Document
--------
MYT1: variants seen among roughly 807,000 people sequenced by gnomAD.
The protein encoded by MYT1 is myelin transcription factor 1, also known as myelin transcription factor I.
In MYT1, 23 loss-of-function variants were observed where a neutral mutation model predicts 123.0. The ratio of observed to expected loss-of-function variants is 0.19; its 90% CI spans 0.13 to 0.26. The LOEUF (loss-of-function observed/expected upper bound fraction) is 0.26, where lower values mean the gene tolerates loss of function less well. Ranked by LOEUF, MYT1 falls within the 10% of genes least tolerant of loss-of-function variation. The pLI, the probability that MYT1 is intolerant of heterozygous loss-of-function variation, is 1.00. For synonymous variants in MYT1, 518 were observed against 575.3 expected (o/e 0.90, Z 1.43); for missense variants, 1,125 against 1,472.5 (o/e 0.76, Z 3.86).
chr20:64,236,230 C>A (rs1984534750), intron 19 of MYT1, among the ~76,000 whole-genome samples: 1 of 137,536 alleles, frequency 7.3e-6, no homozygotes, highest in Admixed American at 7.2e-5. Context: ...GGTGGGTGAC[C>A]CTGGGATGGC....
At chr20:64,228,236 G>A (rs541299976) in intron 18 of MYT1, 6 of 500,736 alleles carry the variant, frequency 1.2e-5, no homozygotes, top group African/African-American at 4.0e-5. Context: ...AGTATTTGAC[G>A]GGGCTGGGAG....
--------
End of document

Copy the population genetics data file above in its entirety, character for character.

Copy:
MYT1: variants seen among roughly 807,000 people sequenced by gnomAD.
The protein encoded by MYT1 is myelin transcription factor 1, also known as myelin transcription factor I.
In MYT1, 23 loss-of-function variants were observed where a neutral mutation model predicts 123.0. The ratio of observed to expected loss-of-function variants is 0.19; its 90% CI spans 0.13 to 0.26. The LOEUF (loss-of-function observed/expected upper bound fraction) is 0.26, where lower values mean the gene tolerates loss of function less well. Ranked by LOEUF, MYT1 falls within the 10% of genes least tolerant of loss-of-function variation. The pLI, the probability that MYT1 is intolerant of heterozygous loss-of-function variation, is 1.00. For synonymous variants in MYT1, 518 were observed against 575.3 expected (o/e 0.90, Z 1.43); for missense variants, 1,125 against 1,472.5 (o/e 0.76, Z 3.86).
chr20:64,236,230 C>A (rs1984534750), intron 19 of MYT1, among the ~76,000 whole-genome samples: 1 of 137,536 alleles, frequency 7.3e-6, no homozygotes, highest in Admixed American at 7.2e-5. Context: ...GGTGGGTGAC[C>A]CTGGGATGGC....
At chr20:64,228,236 G>A (rs541299976) in intron 18 of MYT1, 6 of 500,736 alleles carry the variant, frequency 1.2e-5, no homozygotes, top group African/African-American at 4.0e-5. Context: ...AGTATTTGAC[G>A]GGGCTGGGAG....